I’ll be back to plugging eBooks next month but, before that, and as a prequel to my annual summer reading diary (the Easter review is here), a brief nod to the fantastic summer of gigs I’ve enjoyed. Generally the gigs I like most are the small ones, at venues like The Maze (where the great Slaid Cleaves returns in September) or The Jam Cafe, where I watched two Nottingham acts, Gallery 47 and Georgie Rose last week (bit chatty, mind). For more on Nottingham’s great music scene, visit the excellent new Music Nottingham news blog that my old mate Mike runs.
But the big gigs of the summer have all been in arenas. First, there was Neil Young and Crazy Horse playing what may their last UK tour (twelve years since they were here before, when I saw them in Sheffield) with an outstanding set at Birmingham Arena. My pal Terry and I stood near the front, where the sound was fantastic and the band were on fire. I’ve seen Neil several times and when he’s with Crazy Horse things go to a different level. They’re passionate, primordial rockers, as you can see in the clip above, where the four men gather in a tight unit, doing what only they can do. More casual Young fans complained about the extended endings to some song (less of them than in 2009 with a different band, actually) but that’s to misunderstand what Neil’s up to. He’s in how own zone (for the first time, a drug and alcohol free one) and we’re privileged to watch. Some of that zone involves extreme noise, as on Arc/Weld years ago. Get used to it.
Quadrophenia is my favourite Who album, the one I got for christmas in 1973 and I was keen to see the tour that Roger Daltrey put together playing the full album, with Pete Townsend on guitar (not quite the full Who, but who’s complaining?). Our review tickets fell through, however (while The Sheffield papers gave the band loads of pre-publicity, the band’s PR only came up with a sole review ticket between them). Then, at the last minute, a sick friend offered me her front block central tickets, so we got a close look at this terrific, faithful show. All right, it wasn’t the classic Who (for that, see the set of clips above, the only extent footage of the group’s legendary ‘Live At Leeds’ gig) but it was as good as you can hope, a faithful rendition of a great double album with excellent use of archive film (and nice tributes to the two dead members). Plus they did both ‘Baba O’Reilly’ and ‘Won’t Get Fooled Again’ in the 40 minute encore. Thanks, Di!
The gig of the summer, however, had to be the one where tickets were going for north of a grand on eBay. By some miracle, I hit the presale button at just the right time and got four tickets for the small standing section at the opening of Leeds Arena, where Bruce Springsteen & the E Street Band played their first European arena show in donkey’s years (the 1999 reunion tour? Not sure.). I went with my brother Paul, who 32 years ago queued overnight for tickets to ‘The River’ tour, which we saw from row S of the stalls at Manchester Apollo. With us then was my oldest friend Mike, and the three of were also at Roundhey Park, the last time Bruce played Leeds, in 1985. So was Paul’s partner, Claire, who joined us tonight. As did (through a mutual friend) DJ Andy Kershaw, who did stage introductions in ’85 and turned out to have been in Manchester in 81 as well.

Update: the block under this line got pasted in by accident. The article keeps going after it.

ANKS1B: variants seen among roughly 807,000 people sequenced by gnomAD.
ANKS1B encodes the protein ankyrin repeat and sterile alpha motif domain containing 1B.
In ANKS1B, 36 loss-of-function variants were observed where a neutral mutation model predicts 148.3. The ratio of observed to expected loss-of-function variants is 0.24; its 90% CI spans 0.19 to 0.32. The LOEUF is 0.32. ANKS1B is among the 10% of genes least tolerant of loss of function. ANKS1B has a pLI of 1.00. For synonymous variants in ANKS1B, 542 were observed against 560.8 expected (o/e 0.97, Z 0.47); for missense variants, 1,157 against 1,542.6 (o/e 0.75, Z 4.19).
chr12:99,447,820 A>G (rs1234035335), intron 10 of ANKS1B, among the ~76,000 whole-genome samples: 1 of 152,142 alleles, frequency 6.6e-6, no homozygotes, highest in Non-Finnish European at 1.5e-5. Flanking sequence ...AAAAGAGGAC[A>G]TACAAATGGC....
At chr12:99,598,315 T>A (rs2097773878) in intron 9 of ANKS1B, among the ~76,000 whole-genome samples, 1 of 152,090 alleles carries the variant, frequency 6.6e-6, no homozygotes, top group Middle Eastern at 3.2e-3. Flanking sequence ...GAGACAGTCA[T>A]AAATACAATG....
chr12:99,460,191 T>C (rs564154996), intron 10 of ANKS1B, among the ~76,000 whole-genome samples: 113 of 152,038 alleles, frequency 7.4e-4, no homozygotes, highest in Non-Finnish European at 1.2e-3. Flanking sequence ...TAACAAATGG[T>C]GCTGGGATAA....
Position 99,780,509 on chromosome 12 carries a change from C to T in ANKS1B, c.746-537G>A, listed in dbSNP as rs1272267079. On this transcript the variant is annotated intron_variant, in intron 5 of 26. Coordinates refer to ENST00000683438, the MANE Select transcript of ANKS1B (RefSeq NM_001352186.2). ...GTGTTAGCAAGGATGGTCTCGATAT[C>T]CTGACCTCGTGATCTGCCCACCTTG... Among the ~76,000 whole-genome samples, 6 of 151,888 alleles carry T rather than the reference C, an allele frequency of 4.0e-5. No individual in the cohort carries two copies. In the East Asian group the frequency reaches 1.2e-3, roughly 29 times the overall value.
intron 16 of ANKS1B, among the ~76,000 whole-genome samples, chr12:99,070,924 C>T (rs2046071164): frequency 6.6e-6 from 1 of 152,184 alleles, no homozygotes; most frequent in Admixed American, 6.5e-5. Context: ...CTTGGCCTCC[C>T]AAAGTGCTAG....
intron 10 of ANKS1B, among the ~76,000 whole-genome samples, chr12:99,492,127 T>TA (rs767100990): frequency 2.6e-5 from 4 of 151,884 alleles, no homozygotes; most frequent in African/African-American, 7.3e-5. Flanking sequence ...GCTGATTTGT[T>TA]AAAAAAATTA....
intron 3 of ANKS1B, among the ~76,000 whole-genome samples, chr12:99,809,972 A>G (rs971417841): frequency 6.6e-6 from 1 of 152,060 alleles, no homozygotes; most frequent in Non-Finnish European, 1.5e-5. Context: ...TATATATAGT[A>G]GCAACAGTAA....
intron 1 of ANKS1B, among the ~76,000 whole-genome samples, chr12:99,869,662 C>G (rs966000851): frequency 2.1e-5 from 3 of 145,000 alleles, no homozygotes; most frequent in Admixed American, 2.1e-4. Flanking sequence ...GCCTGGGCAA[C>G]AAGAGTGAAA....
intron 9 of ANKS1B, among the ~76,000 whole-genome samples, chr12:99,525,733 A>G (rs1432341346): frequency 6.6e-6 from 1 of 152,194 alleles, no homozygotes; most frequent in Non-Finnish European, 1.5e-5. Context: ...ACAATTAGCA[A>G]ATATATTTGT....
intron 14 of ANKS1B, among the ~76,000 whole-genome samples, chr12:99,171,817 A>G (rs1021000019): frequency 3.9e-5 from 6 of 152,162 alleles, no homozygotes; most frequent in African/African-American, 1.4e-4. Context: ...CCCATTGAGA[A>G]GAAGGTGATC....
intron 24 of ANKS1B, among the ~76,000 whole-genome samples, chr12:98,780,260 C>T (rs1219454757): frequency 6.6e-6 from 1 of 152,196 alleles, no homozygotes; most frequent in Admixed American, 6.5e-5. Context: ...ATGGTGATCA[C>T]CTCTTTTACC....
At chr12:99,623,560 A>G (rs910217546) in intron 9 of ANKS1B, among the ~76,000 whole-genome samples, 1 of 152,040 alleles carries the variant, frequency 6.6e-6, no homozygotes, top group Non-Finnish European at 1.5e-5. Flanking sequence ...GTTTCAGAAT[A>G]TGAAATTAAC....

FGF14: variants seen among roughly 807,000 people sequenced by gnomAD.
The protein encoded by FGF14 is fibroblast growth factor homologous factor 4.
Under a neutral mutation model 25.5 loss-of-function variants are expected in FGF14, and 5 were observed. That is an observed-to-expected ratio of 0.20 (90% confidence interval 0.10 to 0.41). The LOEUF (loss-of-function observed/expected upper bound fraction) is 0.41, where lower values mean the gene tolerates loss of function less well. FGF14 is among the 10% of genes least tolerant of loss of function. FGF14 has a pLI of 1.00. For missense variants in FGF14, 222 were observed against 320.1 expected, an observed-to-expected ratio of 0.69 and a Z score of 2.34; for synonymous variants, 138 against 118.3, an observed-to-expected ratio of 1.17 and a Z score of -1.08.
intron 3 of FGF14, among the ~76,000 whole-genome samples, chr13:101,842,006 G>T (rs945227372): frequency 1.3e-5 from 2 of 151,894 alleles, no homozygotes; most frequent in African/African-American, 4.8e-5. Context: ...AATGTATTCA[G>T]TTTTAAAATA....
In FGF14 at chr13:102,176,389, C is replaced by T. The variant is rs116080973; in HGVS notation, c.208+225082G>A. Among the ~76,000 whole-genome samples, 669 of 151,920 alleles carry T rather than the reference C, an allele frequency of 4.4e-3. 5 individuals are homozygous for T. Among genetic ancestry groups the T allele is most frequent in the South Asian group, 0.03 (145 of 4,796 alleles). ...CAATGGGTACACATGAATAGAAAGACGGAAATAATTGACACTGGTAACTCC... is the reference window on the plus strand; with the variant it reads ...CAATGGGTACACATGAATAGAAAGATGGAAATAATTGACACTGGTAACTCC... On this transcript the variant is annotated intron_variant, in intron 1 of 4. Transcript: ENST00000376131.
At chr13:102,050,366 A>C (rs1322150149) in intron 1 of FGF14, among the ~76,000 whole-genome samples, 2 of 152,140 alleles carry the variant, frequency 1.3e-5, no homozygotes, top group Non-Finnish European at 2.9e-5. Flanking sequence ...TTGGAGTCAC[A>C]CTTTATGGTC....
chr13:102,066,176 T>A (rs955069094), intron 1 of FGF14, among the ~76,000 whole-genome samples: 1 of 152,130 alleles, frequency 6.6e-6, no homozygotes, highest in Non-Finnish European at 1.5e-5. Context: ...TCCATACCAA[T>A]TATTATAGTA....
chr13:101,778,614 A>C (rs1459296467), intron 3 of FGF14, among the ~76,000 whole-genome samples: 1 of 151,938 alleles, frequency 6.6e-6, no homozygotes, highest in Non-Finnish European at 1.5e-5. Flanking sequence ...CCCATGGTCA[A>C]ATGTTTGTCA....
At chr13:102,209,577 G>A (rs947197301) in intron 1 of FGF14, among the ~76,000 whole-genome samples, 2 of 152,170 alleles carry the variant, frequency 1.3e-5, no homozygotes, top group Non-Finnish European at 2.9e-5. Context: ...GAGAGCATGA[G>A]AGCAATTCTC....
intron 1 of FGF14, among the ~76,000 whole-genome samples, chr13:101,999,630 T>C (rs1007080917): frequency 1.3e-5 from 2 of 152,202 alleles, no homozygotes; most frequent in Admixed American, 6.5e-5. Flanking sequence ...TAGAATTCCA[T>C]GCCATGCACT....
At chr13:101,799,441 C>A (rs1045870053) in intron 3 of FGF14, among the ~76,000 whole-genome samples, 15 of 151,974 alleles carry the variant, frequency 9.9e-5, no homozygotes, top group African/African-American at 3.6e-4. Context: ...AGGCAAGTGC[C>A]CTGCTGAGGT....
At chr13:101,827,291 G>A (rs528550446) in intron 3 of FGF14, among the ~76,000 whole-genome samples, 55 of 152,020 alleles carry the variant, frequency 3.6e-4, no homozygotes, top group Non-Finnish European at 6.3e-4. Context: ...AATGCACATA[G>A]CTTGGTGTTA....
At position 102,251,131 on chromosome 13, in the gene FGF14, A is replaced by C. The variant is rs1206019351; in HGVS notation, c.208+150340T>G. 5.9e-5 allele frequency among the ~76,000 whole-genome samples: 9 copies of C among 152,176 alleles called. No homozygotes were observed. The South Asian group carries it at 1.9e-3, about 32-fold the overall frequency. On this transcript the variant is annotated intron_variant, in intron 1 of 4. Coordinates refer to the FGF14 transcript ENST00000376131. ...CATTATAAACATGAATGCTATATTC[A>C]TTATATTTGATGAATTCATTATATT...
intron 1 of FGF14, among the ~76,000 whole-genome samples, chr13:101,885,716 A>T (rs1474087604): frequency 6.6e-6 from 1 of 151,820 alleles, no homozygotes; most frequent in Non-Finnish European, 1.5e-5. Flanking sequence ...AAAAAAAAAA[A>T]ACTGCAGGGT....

For over three hours Bruce and the band played a set that all but ignored his latest album but took us through the obscure by-ways of his career, including songs I’d never dreamt of hearing him do live (most are on YouTube). He opened with ‘Roulette’ for instance, first heard on one of those expensive bootlegs that Paul, Mike and I teamed up to buy in the early 80’s when we were all on the dole, or near enough. He did plenty of ‘Darkness On The Edge Of Town’, some rarely played songs from the fine ‘Lucky Town’ and, amongst the board requests (I wasn’t close enough to hand in mine, which was for ‘Girls In Their Summer Clothes’) he chose the song which he wrote as his set closer long before the first album came out, a ten minute ‘Thundercrack’. See the video above. My tenth Bruce show, and the best since ’85. He looked younger & fitter than when I last saw him, from the front enclosure at Glastonbury in 2009. Oh, and, just when we thought he’d finished with an acoustic rendition of ‘Secret Garden’ he segued it into his most quintessential song, ‘Thunder Road’. You could have heard a pin drop. Setlist here.
I only have one more arena show lined up, Sigur Ros in November (and since I’m not reviewing it for The Post, I probably won’t write about it) but there are plenty of shows to come on this blog, including a few jazz ones. Hugh Masekela at Lakeside (how did such a small venue get such a big act?) is sold out, but you can still get tickets for Stan Tracey in Derby and Guy Barker plus Paloma Faith at Nottingham’s Royal Centre. Then there’s the Scanner Joy Division show, the lovely Laura Cantrell at Glee and Glasvegas at Rock City. They’re just the ones I’m reviewing. Watch this space.